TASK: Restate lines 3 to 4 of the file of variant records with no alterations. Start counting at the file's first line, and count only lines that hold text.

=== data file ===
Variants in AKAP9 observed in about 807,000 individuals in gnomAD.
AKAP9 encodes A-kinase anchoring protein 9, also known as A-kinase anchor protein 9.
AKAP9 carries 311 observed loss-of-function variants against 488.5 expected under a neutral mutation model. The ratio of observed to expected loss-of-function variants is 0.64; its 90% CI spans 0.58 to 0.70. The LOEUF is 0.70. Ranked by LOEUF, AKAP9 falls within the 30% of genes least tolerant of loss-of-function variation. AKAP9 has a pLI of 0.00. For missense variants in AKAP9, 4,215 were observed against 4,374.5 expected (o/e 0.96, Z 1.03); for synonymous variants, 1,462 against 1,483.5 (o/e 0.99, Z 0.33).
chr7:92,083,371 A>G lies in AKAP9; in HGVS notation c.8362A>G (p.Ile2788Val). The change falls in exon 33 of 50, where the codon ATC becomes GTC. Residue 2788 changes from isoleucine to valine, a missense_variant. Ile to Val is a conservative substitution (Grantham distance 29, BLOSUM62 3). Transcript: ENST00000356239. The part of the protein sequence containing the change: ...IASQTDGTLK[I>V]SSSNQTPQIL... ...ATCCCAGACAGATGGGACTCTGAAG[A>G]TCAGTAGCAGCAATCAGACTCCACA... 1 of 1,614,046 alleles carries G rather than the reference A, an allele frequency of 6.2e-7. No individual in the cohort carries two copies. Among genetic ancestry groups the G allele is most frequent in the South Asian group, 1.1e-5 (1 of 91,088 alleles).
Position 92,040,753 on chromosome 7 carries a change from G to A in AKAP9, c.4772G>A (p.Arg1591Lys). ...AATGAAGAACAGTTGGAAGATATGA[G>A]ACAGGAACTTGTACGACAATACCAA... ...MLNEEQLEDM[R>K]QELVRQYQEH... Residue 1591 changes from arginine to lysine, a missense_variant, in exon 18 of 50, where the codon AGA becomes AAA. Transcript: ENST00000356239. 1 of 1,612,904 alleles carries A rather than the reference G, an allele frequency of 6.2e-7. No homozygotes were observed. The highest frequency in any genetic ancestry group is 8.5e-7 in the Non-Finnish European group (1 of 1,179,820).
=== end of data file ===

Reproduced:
AKAP9 carries 311 observed loss-of-function variants against 488.5 expected under a neutral mutation model. The ratio of observed to expected loss-of-function variants is 0.64; its 90% CI spans 0.58 to 0.70. The LOEUF is 0.70. Ranked by LOEUF, AKAP9 falls within the 30% of genes least tolerant of loss-of-function variation. AKAP9 has a pLI of 0.00. For missense variants in AKAP9, 4,215 were observed against 4,374.5 expected (o/e 0.96, Z 1.03); for synonymous variants, 1,462 against 1,483.5 (o/e 0.99, Z 0.33).
chr7:92,083,371 A>G lies in AKAP9; in HGVS notation c.8362A>G (p.Ile2788Val). The change falls in exon 33 of 50, where the codon ATC becomes GTC. Residue 2788 changes from isoleucine to valine, a missense_variant. Ile to Val is a conservative substitution (Grantham distance 29, BLOSUM62 3). Transcript: ENST00000356239. The part of the protein sequence containing the change: ...IASQTDGTLK[I>V]SSSNQTPQIL... ...ATCCCAGACAGATGGGACTCTGAAG[A>G]TCAGTAGCAGCAATCAGACTCCACA... 1 of 1,614,046 alleles carries G rather than the reference A, an allele frequency of 6.2e-7. No individual in the cohort carries two copies. Among genetic ancestry groups the G allele is most frequent in the South Asian group, 1.1e-5 (1 of 91,088 alleles).